• The Five Civilized Tribes in Oklahoma
    Five Civilized Tribes in Oklahoma - This manuscript has been extracted from Congressional records relating to relief of specific individuals of the Five Civilized Tribes in Oklahoma. If one of your ancestors was rejected or added to the rolls of any of the five civilized tribes in Oklahoma you should peruse the information here. It contains a lot of case work involving specific Native Americans and those that attempted to prove themselves as part of the tribes.
  • Life Among the Choctaw Indians
    Henry Benson worked as a missionary amongst the Choctaw at the Fort Coffee Academy for Boys in the mid 1800's. In this manuscript he depicts the formation of the Academy and missionary amongst the Indians, providing valuable insight into the tribal customs of the Choctaw after they had been forcibly moved to the Indian Territory. He also provides glimpses into the lives of westerners before the Civil War in the south-west.
  • A Bill to Reopen the Rolls of the Choctaw-Chickasaw Tribe
  • Choctaw Mixed Bloods and the Advent of Removal
    Choctaw Mixed Blood and the Advent of Removal: This dissertation by Samuel James Wells lists the names and families of the known mixed bloods and examines their role in tribal history, especially regarding land treaties during the Jeffersonian years preceding Removal. This dissertation includes a database of over three thousand names of known and probable mixed bloods drawn from a wide range of sources and therefore has genealogical as well as historical value.
  • Col. William Wards Register
    Colonel William Ward was appointed United States agent to register Choctaw Indians according to Article 14 of the Treaty of Dancing Rabbit Creek, September 1830. The treaty was ratified February 24, 1831 and the six month time limit for those wishing to remain ended August 24, 1831. The registration procedure resulted in numerous "contingent claims" by members of the Choctaw Nation.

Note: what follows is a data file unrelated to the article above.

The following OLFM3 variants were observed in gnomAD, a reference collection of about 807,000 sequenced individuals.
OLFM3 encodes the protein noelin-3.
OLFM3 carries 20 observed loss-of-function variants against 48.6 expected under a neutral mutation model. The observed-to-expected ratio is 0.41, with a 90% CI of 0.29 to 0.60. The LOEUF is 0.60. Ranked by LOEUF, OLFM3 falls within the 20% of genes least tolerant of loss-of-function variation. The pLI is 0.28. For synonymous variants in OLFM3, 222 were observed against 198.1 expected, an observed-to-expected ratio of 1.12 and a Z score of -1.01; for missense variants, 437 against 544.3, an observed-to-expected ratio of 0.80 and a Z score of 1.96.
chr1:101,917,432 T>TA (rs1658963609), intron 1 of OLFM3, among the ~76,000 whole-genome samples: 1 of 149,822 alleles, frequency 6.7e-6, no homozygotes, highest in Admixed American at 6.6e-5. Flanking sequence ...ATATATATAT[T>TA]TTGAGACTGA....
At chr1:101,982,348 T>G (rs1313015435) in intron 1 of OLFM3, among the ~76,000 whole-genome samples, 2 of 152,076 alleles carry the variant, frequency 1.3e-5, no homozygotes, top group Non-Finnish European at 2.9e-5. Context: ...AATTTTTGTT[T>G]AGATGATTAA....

Choctaw Indians Chiefs and Leaders

Choctaw Indians Rolls and Census

Choctaw Language

There are, or at least were formerly, several dialects spoken in different sections; these, however, differed so little that they have not been considered worthy of special mention.

Choctaw Tribe Treaties

Choctaw Tribe Land Claims

Choctaw Locations

The small Muskhogean tribes known as MobilianTohome or Tomez, TawasaMugulashaAcolapissaHuma, and Conshac, on the gulf coast of Mississippi and Alabama, are sometimes called Choctaw, but the Choctaw proper had their villages inland, on the upper courses of the Chickasawhay, Pearl, and Big Black Rivers, and the west affluent of the Tombigbee. At least in later times they were distinguished into three sections, each under its mingo or chief. The western division was called Oklafalaya, ‘the long people,’ and consisted of small, scattered villages; the northeastern, Ahepatokla (Oypatukla), ‘potato-eating people,’ and the southeastern district came to be called Oklahannali, ‘Sixtowns,’ from the name of the dominant subdivision. The people of these two latter districts lived in large towns for mutual defense against their constant enemies the Creeks. Gatschet gives Cobb Indians as the name of those Choctaw settled west of Pearl River.

The population of the tribe when it first came into relations with the French, about the year 1700, has been estimated at front 15,000 to 20,000. Their number in 1904 was 17,805, exclusive of 4,722 Choctaw freedmen (Negroes). These are all under the Union Agency, Indian Territory. To these must be added a small number in Mississippi and Louisiana.

Choctaw Tribe Mailing Lists

Online Choctaw Tribe Resources

Choctaw Gallery of Photos

Footnotes

  1. Gatschet, Creek Migration Legends, I, 53, 1884 

  2. Milfort, Méoire, 95, 1802 

  3. Rep. to Sec. War, 373, 1822 

  4. Halbert, Creek War of 1813 and 1814, 124, 1895 

  5. Royce, Indian Land Cessions, 18th Rep. B. A. E., 1899 

  6. Morgan, Ancient Society, 99, 162, 1877 

  7. Wright in Ind. Aff. Rep. 1843, 348